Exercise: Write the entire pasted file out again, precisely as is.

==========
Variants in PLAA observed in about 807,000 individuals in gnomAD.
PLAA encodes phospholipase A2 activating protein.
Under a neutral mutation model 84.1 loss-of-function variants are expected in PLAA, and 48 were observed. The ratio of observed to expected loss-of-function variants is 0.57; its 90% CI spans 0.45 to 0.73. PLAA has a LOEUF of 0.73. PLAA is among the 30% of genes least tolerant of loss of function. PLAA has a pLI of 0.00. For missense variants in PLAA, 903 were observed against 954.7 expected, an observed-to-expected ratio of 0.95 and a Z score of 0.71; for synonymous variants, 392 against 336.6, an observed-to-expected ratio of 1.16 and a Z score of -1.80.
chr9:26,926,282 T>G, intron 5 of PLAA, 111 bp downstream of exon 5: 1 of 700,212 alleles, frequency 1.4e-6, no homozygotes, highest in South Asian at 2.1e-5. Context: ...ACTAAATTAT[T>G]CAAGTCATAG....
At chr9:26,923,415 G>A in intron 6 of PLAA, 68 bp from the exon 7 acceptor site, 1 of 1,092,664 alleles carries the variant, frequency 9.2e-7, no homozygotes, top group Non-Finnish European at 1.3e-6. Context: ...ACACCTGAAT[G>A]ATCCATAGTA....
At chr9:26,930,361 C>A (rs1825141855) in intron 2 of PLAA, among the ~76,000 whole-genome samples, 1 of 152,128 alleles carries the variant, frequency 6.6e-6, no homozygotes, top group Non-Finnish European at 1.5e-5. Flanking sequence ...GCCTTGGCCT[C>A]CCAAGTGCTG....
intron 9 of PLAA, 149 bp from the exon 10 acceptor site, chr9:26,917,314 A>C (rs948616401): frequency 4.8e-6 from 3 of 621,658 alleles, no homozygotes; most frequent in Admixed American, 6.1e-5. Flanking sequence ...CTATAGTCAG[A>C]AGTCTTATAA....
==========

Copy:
Variants in PLAA observed in about 807,000 individuals in gnomAD.
PLAA encodes phospholipase A2 activating protein.
Under a neutral mutation model 84.1 loss-of-function variants are expected in PLAA, and 48 were observed. The ratio of observed to expected loss-of-function variants is 0.57; its 90% CI spans 0.45 to 0.73. PLAA has a LOEUF of 0.73. PLAA is among the 30% of genes least tolerant of loss of function. PLAA has a pLI of 0.00. For missense variants in PLAA, 903 were observed against 954.7 expected, an observed-to-expected ratio of 0.95 and a Z score of 0.71; for synonymous variants, 392 against 336.6, an observed-to-expected ratio of 1.16 and a Z score of -1.80.
chr9:26,926,282 T>G, intron 5 of PLAA, 111 bp downstream of exon 5: 1 of 700,212 alleles, frequency 1.4e-6, no homozygotes, highest in South Asian at 2.1e-5. Context: ...ACTAAATTAT[T>G]CAAGTCATAG....
At chr9:26,923,415 G>A in intron 6 of PLAA, 68 bp from the exon 7 acceptor site, 1 of 1,092,664 alleles carries the variant, frequency 9.2e-7, no homozygotes, top group Non-Finnish European at 1.3e-6. Context: ...ACACCTGAAT[G>A]ATCCATAGTA....
At chr9:26,930,361 C>A (rs1825141855) in intron 2 of PLAA, among the ~76,000 whole-genome samples, 1 of 152,128 alleles carries the variant, frequency 6.6e-6, no homozygotes, top group Non-Finnish European at 1.5e-5. Flanking sequence ...GCCTTGGCCT[C>A]CCAAGTGCTG....
intron 9 of PLAA, 149 bp from the exon 10 acceptor site, chr9:26,917,314 A>C (rs948616401): frequency 4.8e-6 from 3 of 621,658 alleles, no homozygotes; most frequent in Admixed American, 6.1e-5. Flanking sequence ...CTATAGTCAG[A>C]AGTCTTATAA....